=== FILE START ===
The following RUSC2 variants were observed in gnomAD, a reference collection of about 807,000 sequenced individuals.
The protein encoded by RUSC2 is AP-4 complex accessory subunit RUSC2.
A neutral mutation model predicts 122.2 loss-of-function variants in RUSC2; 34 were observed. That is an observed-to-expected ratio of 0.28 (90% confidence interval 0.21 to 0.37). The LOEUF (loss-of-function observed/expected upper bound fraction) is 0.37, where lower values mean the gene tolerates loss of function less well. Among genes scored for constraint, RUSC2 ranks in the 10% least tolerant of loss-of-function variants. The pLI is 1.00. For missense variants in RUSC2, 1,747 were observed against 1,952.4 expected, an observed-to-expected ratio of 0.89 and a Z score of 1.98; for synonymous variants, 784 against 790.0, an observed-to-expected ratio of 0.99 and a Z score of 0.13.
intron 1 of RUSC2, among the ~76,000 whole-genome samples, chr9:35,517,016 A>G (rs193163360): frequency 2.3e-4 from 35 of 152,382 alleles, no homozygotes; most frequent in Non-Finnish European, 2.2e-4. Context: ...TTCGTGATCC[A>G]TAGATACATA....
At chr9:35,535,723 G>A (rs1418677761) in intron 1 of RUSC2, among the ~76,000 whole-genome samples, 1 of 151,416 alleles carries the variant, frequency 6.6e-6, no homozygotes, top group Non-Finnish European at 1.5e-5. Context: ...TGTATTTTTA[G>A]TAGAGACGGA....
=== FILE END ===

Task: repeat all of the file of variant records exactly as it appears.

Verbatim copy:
The following RUSC2 variants were observed in gnomAD, a reference collection of about 807,000 sequenced individuals.
The protein encoded by RUSC2 is AP-4 complex accessory subunit RUSC2.
A neutral mutation model predicts 122.2 loss-of-function variants in RUSC2; 34 were observed. That is an observed-to-expected ratio of 0.28 (90% confidence interval 0.21 to 0.37). The LOEUF (loss-of-function observed/expected upper bound fraction) is 0.37, where lower values mean the gene tolerates loss of function less well. Among genes scored for constraint, RUSC2 ranks in the 10% least tolerant of loss-of-function variants. The pLI is 1.00. For missense variants in RUSC2, 1,747 were observed against 1,952.4 expected, an observed-to-expected ratio of 0.89 and a Z score of 1.98; for synonymous variants, 784 against 790.0, an observed-to-expected ratio of 0.99 and a Z score of 0.13.
intron 1 of RUSC2, among the ~76,000 whole-genome samples, chr9:35,517,016 A>G (rs193163360): frequency 2.3e-4 from 35 of 152,382 alleles, no homozygotes; most frequent in Non-Finnish European, 2.2e-4. Context: ...TTCGTGATCC[A>G]TAGATACATA....
At chr9:35,535,723 G>A (rs1418677761) in intron 1 of RUSC2, among the ~76,000 whole-genome samples, 1 of 151,416 alleles carries the variant, frequency 6.6e-6, no homozygotes, top group Non-Finnish European at 1.5e-5. Context: ...TGTATTTTTA[G>A]TAGAGACGGA....